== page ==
It will be understood that the basic novelty.

appearance of brick, and the exposed surface of said facing will be evened and if necessary gone over with devices to make it resemble brick or of other desired effects, after which the patterns will be removed and the desired brick or other design will be shown by grooves of mortar lines.

As has been mentioned hereinbefore, in this 4 manner large surfaces of a wall may be reornamented and made to appear as brick or other stone wall with mortar lines in an efficient,

.easy, inexpensive and quick manner as against the slow laborious, expensive methods heretofore proposed for such ornamentations of walls.

In the preferred practice of my invention I prepare specific foundations for said pattern and the ornamental face layer to be formed through the use of said pattern in the manner indicated, and said face layer is evened over the pattern,

saidpattern then being removed after the operations described.

As has been specifically described I prefer to have the pattern made of cardboard material adapted to be soaked with water and to be easily removed in such condition.

Having thus described certain embodiments of the invention in some detail, what is claimed is:

1. A process for preparing an ornamental face on a wall including mortar lines, consisting in applying a removable pattern having bars therein corresponding to the mortar line design to be produced on the wall, filling the spaces between the mortar line bars with an appropriate plastic material, permitting said plastic material to harden and then removing said pattern whereby mortar lines of predetermined depth will be produced between the filled in portions of the 'pattern, said pattern being of water absorbing charactenand being easily removed when soaked with water, and applying water on the ready face on the wall for easier removing of the pattern.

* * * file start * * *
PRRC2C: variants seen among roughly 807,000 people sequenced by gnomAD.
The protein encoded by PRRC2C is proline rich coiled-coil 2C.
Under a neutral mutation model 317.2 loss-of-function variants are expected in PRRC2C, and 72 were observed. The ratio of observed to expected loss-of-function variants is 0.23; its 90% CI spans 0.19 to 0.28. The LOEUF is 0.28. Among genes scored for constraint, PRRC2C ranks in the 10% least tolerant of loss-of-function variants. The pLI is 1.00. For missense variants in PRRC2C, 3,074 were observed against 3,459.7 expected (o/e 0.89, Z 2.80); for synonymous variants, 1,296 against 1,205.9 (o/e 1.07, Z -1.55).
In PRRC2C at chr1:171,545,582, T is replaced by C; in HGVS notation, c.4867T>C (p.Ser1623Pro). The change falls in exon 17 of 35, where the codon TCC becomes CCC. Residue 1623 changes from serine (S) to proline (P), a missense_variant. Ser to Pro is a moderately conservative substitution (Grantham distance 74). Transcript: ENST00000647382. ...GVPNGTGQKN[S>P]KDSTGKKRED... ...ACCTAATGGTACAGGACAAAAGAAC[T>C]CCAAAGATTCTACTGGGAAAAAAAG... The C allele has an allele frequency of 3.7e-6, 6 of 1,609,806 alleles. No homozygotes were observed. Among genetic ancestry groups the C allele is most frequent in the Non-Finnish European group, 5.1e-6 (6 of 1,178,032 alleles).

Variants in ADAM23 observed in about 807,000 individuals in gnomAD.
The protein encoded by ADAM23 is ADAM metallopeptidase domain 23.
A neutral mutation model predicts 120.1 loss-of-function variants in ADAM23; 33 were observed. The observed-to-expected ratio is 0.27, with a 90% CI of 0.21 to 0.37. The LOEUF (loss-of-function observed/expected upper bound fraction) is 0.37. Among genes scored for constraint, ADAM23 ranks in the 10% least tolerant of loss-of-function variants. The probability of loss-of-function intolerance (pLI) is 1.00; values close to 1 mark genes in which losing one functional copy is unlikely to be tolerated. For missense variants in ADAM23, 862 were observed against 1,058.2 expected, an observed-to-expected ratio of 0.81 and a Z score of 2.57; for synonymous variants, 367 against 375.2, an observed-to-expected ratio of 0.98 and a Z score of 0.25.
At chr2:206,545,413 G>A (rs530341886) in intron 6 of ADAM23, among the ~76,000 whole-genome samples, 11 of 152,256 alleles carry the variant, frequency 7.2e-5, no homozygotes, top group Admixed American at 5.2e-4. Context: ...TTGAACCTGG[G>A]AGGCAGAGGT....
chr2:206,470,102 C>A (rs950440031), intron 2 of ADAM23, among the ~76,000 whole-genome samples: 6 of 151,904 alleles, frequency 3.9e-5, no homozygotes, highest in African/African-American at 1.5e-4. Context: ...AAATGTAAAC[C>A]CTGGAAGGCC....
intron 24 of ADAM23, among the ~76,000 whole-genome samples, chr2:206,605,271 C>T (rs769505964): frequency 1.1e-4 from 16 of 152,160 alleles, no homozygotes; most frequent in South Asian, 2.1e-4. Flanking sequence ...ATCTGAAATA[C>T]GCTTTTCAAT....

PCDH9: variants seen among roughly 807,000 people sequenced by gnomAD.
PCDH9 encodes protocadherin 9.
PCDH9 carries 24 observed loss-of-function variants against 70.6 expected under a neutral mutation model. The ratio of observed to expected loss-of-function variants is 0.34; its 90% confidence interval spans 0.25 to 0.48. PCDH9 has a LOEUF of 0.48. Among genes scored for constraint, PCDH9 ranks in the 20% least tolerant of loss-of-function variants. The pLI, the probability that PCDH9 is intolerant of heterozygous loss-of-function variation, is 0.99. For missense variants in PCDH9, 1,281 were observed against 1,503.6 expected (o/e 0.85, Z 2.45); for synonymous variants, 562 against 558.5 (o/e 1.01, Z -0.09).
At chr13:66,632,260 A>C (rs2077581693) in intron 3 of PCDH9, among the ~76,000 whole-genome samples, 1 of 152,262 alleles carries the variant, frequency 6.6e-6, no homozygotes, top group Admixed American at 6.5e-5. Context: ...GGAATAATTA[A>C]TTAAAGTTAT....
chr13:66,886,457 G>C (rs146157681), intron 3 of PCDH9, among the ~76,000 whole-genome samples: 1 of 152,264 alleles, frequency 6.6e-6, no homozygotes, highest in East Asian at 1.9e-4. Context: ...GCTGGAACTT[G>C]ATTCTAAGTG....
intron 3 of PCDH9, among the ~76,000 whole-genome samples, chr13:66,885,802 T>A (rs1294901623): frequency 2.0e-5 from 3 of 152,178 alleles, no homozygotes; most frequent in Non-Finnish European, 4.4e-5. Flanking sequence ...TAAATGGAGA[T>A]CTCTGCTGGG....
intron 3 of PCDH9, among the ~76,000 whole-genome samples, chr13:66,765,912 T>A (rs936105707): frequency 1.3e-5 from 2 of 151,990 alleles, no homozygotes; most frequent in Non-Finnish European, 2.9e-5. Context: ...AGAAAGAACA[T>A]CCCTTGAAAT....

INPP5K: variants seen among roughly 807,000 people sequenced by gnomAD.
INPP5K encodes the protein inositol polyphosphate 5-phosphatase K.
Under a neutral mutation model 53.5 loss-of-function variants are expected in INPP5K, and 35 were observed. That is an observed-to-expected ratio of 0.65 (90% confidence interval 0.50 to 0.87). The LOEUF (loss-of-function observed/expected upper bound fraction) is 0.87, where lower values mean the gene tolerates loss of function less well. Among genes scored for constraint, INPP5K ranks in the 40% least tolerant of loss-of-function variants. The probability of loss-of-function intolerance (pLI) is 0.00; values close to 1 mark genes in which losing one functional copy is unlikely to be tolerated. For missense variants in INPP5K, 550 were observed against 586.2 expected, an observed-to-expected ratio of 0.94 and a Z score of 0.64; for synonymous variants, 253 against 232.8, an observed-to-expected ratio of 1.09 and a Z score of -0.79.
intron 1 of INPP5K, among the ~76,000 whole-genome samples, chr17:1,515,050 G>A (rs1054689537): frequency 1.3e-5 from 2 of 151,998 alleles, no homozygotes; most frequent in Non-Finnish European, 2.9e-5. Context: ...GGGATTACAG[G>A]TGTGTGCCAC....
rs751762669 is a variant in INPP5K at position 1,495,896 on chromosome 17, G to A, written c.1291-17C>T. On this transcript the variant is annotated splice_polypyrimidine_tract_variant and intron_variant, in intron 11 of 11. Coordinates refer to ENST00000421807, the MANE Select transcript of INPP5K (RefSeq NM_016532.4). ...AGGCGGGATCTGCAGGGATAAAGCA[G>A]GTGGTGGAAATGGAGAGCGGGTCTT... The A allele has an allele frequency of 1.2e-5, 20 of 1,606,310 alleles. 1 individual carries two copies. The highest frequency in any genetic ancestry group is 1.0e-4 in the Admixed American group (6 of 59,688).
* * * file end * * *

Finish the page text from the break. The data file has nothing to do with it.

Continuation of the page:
2. In a process for producing an ornamental face on a wall, the steps of securing a removable pattern on the wall, said pattern having apertures therein corresponding to the design to be produced, filling said apertures with a plastic composition, permitting said composition to harden, wetting the pattern, said pattern being adapted to absorb water and to be soft, easily tearable and removable in such condition.

3. The process, method and system of preparing an ornamental face on a wall which includes applying a coat of cement, applying to the still soft cement an oiled paper pattern of crossed resisting lines in the pattern of dividing lines of brick, applying a colored cement coat to the cement over the pattern so that the drying cement coat growing harder will separate itself through contraction from the pattern and the pattern will-absorb the moisture from the drying cement coat, and applying water spray on the pattern for an easy removal.

JOHN HERCK.

REFERENCES CITED The following references are of record in the

Patent Citations
Cited PatentFiling datePublication dateApplicantTitle
US1123727 *May 23, 1914Jan 5, 1915West Coast Roofing And Mfg CompanyPrepared roofing.
US1311362 *May 31, 1917Jul 29, 1919 Obaph comb any
US1591406 *Nov 18, 1924Jul 6, 1926Shope David FProcess for making corrugated-faced cement brick
US2162861 *Oct 25, 1937Jun 20, 1939Louis PolakFinish for walls
Referenced by
Citing PatentFiling datePublication dateApplicantTitle
US2748443 *May 8, 1952Jun 5, 1956Dufford Harry MMethod of applying a building wall facing
US2964800 *Aug 24, 1955Dec 20, 1960Roscoe DorsettManufacture of a wall
US3096195 *Apr 11, 1960Jul 2, 1963Seman Colman JProcess for producing an ornamental wall facing
US3228861 *Nov 30, 1960Jan 11, 1966VogtElectroplating method for producing watch dial indicia
US3301249 *Jun 3, 1964Jan 31, 1967Prekast Fireplace Mfg CompanyPrecast fireplace, methods of manufacture and erection